As I’ve grown older, I’ve whittled down the elements I want in my garden, and top of the list is fragrance, closely followed by white flowers which show up in the dusk. So apart from my blue petunias and pink roses, there are always plenty of white lilies, white geraniums, Shasta daisies, fragrant syringa, white Japanese anemones, marguerites, self-seeded valerian, white agapanthus as well as blue, and my favourite white climbing rose Alberic Barbier. That isn’t to say that there aren’t blue hydrangeas shimmering under the trees, a glorious pale gold rose called Crepuscule clambering up a telegraph pole out on the road,( see above) or pink beauties like Jean Ducher which bloom palely all the year. And then there’s Mutatibilis rose which looks like a bush covered in deep pink butterflies about to take flight.
There are two other requirements for my garden – masses of green – so ivy everywhere, box plants and acanthus, and I also ask my long-suffering plants to be undemanding and easy-care, though I contract to water them through the droughts. It’s not a tidy or orderly garden, but an exuberant, prolific little plot, with wilful self-seeded plants welcomed wherever they choose to settle, and every chosen flower and shrub scrambling into its neighbours, cosying up, sharing their space, flaunting their freedom.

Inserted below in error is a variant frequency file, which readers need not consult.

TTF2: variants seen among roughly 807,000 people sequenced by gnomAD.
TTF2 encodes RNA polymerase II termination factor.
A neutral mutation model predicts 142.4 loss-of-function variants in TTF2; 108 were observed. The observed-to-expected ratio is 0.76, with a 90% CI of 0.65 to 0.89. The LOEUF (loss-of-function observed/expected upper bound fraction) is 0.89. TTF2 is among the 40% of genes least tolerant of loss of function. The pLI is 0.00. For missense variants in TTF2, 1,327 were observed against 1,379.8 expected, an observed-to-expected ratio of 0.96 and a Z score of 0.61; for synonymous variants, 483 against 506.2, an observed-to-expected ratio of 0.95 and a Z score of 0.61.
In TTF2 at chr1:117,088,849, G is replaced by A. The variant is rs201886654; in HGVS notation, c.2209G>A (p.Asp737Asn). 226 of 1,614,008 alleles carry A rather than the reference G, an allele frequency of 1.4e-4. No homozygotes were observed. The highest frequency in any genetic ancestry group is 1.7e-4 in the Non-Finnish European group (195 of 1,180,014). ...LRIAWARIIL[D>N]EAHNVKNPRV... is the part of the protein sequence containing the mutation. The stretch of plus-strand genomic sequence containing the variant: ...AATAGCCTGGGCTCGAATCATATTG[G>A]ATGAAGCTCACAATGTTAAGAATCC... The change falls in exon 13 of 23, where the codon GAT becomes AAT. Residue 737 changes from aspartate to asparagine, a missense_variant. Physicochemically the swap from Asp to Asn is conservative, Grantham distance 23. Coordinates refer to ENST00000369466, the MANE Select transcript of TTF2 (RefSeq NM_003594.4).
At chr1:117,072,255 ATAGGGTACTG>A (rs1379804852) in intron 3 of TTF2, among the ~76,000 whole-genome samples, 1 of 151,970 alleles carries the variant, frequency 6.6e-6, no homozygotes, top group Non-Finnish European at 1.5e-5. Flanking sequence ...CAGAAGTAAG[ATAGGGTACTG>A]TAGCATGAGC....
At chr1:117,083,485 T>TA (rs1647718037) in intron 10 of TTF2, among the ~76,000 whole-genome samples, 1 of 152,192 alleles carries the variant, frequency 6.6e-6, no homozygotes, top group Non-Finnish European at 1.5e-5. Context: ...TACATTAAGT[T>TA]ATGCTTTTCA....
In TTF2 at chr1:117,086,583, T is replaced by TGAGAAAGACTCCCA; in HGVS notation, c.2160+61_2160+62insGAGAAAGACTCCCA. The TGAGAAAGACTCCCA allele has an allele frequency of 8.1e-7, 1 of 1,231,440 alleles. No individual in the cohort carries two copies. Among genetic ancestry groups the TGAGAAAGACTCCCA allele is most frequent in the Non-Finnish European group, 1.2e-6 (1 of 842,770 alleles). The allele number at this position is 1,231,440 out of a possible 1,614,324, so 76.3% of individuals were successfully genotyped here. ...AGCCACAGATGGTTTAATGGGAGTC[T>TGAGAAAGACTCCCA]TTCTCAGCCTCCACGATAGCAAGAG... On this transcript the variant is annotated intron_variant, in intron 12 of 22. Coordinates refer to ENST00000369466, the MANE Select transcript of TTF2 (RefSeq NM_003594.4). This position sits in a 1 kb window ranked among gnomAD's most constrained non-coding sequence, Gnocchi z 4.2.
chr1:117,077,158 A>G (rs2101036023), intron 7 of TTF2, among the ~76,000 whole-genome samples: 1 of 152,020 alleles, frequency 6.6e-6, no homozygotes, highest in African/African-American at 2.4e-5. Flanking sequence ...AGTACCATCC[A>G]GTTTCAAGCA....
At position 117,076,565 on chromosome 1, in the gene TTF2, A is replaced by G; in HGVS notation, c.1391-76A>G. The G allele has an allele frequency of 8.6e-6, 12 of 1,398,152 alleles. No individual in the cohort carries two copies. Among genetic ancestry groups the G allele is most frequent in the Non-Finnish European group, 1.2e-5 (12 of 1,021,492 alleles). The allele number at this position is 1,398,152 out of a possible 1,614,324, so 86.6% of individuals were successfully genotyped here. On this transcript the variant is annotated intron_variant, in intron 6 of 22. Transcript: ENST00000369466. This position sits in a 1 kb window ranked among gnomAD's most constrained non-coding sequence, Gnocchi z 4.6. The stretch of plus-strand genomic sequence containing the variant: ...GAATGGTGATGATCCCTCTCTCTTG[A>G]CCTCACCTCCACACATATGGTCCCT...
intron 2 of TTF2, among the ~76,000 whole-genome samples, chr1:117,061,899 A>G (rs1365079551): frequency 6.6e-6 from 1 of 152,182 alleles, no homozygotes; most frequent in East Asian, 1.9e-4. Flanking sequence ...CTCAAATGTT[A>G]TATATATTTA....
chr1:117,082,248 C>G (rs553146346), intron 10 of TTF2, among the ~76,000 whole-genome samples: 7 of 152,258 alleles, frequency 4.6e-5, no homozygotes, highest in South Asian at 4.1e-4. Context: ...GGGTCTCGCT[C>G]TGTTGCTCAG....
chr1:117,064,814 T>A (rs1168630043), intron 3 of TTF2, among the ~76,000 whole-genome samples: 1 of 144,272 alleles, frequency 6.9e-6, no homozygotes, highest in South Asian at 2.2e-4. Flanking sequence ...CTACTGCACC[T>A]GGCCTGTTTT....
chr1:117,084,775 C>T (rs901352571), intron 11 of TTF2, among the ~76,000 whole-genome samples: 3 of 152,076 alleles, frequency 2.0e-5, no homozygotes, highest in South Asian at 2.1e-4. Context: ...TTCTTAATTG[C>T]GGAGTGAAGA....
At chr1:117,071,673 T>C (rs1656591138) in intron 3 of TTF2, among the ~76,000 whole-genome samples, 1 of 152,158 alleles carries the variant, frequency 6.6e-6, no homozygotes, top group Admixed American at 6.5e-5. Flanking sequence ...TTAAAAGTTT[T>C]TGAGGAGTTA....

Rampant growers like honeysuckle and ivy are allowed to enjoy themselves, instead of wilting under the criticism of real gardeners who despise them for being so invasive. Wandering flaming red and orange nasturtiums have even turned themselves into climbers and threaded themselves through the climbing rose up to the roof, and entangled themselves in an orgy of colour among the pinks and blues of ageratum and lavatera down below in the garden. If it grows, it’s welcome… so though I’m not a discriminating gardener, I am a grateful one!